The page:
The Sun Also Rises and Blesses: April 8, 2009
Early in the morning of April 8, 2009, Jewish communities will have a teaching opportunity that comes only once every 28 years: the festival of Birchat HaChamah, the Blessing of the Sun.
In ancient rabbinic tradition, it commemorates the moment when God created the sun in the first place. In modern practice, it fits well into today's crisis of global "scorching" and the search for sun-based sources of sustainable and renewable energy. So spiritual communities other than Judaism might well join in blessing the sun on that day -- and during the months before and after.
Although this Blessing of the Sun was shaped by the ancient rabbis, its timing, the extraordinarily relevant teaching of the Prophet Malachi (see below), and the teachings of other spiritual and religious communities all invite these other communities to take part in the celebration and in the work of making real the Blessing of the Sun.
(For background on the rabbinic imagination that shaped this festival, see the URL at the very end of this message.)
The peak of the teachable moment can come on April 8. But the teaching can begin months before and last long after, as we make the entire year one of blessing the sun and allowing the sun to bless us, in a moment of human history when we most need its healing.
We can learn especially well from the extremely unusual confluence of Birchat haChamah with Passover. The Blessing moment comes at sunrise the morning before the first night of Passover.
The Shabbat just before is when Jews read the climactic passage from the Prophet Malachi, who 2500 years ago spoke forth a vision of the future, at once ominous and hopeful, that Jewish tradition sees as the last outcry of the classical Prophets.
How does Malachi portray this danger? "That day is at hand, burning like an oven. All the arrogant and all the evil-doers shall be straw, and the day that is coming -- said YHWH Tzva'ot, the Infinite Breath of Life -- shall burn them to ashes."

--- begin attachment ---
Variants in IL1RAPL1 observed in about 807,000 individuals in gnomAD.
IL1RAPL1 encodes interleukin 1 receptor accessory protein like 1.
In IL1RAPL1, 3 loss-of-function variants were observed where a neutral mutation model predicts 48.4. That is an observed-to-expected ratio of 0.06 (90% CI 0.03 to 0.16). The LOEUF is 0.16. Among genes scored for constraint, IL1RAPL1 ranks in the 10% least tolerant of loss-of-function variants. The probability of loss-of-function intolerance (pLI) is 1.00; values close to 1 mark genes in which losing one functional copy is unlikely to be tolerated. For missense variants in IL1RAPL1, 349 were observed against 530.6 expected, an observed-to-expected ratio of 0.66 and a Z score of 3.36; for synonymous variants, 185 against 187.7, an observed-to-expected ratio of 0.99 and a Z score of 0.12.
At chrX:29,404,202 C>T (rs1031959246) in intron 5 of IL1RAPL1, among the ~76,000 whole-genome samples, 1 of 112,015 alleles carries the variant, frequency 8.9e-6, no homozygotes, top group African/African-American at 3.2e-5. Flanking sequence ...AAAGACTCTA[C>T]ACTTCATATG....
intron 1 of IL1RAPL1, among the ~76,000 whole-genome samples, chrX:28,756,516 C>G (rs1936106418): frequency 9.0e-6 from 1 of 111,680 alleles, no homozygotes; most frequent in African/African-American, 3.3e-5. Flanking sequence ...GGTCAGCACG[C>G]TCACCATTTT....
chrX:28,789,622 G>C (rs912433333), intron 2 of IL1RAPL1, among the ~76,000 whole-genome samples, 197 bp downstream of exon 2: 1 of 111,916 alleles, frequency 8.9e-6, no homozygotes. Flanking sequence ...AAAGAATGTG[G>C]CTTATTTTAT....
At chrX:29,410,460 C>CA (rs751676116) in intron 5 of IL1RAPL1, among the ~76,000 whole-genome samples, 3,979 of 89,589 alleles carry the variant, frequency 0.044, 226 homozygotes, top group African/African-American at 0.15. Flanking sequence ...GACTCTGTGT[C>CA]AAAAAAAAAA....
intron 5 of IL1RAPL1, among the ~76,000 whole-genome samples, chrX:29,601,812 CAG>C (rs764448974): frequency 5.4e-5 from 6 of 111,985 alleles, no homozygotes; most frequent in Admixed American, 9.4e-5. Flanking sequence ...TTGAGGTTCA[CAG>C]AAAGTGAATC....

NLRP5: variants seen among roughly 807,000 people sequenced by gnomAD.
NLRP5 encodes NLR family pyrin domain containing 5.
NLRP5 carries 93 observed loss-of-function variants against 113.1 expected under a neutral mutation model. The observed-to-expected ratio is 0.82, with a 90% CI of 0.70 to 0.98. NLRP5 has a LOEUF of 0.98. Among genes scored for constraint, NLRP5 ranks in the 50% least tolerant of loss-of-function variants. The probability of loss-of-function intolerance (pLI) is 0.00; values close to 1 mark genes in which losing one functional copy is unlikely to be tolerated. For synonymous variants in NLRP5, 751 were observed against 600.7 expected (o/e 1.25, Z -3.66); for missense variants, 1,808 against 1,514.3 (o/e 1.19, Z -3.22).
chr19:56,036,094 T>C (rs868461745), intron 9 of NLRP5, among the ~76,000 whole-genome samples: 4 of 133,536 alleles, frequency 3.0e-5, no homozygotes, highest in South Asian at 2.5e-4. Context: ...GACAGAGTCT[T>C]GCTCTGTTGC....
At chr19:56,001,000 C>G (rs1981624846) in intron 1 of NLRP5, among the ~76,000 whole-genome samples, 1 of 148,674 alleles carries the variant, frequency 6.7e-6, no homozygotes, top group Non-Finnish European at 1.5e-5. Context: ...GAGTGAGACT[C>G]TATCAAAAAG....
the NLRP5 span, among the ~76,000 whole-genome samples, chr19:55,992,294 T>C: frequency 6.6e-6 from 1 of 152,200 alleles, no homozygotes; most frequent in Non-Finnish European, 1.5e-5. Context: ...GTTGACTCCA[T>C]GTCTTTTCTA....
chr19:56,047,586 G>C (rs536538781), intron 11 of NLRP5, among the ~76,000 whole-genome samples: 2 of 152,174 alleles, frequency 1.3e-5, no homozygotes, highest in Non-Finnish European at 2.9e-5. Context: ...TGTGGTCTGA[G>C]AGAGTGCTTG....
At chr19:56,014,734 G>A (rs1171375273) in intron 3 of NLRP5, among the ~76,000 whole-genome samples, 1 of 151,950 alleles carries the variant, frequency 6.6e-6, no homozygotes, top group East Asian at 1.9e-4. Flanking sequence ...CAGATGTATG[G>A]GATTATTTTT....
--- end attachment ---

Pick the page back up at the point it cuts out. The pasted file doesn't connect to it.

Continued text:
In our language, global climate crisis -- the overheating, scorching, burning, of the earth. The scorching that brings on hurricanes and typhoons of unprecedented fury, that brings unprecedented droughts to Africa and California and Georgia and Australia, that pours unprecedented rain on Iowa, that melts great ice floes and threatens to wash away our seacoasts, that sends forth swarms of disease-bearing insects from their ancient tropical haunts into great human populations in the temperate zones, that melts the Himalayan snows that are the water supply of two billion human beings.
Today this global burning threatens not only Malachi's "arrogant" in power whose stubborn investment in burning fossil fuels is so great as to bring on this disaster out of greed for their own power and wealth, not only Malachi's "evil-doers" who deliberately choose a destructive path -- but also those who are caught in disaster because they did not do enough to avert it.
And what is Malachi's remedy? "For you who revere My Name, a sun of justice shall arise, with healing in its rays." Is it so awkward to say, in our own words today, a healing from the use of solar energy and the other sustainable sources of renewable energy that stem, like wind, from the gentle rays of justice from the sun?
And then Malachi concludes: "Here! -- I will send you Elijah the Prophet before the coming of that great and awesome day of YHWH, so that he will turn the hearts of the parents to the children and the hearts of the children to the parents, lest I come and strike the earth with utter destruction."
That outcry comes ringing down the millennia to us, who live in the generation when indeed the age-old web of life on earth is in deep danger.
So Malachi's remedies for overheating of the earth are that we turn to revere the Name that is the Interbreathing of all life, that we ourselves become Elijah to turn the hearts of the generations to each other -- and that we turn to solar power and the other sustainable sources of renewable energy that stem, like wind, from the gentle rays of justice from the sun.
And from Malachi and the Blessing of the Sun, we instantly turn to Passover, which reminds us of how Pharaoh's arrogance and hard-heartedness brought upon his own society the "plagues." Ecological disasters in which rivers became undrinkable, the crops were destroyed by great hordes of locusts, frogs, and hailstones, cattle went mad ---- And despite it all and despite the warning by his own advisers that he was ruining his own country, Pharaoh would not turn back.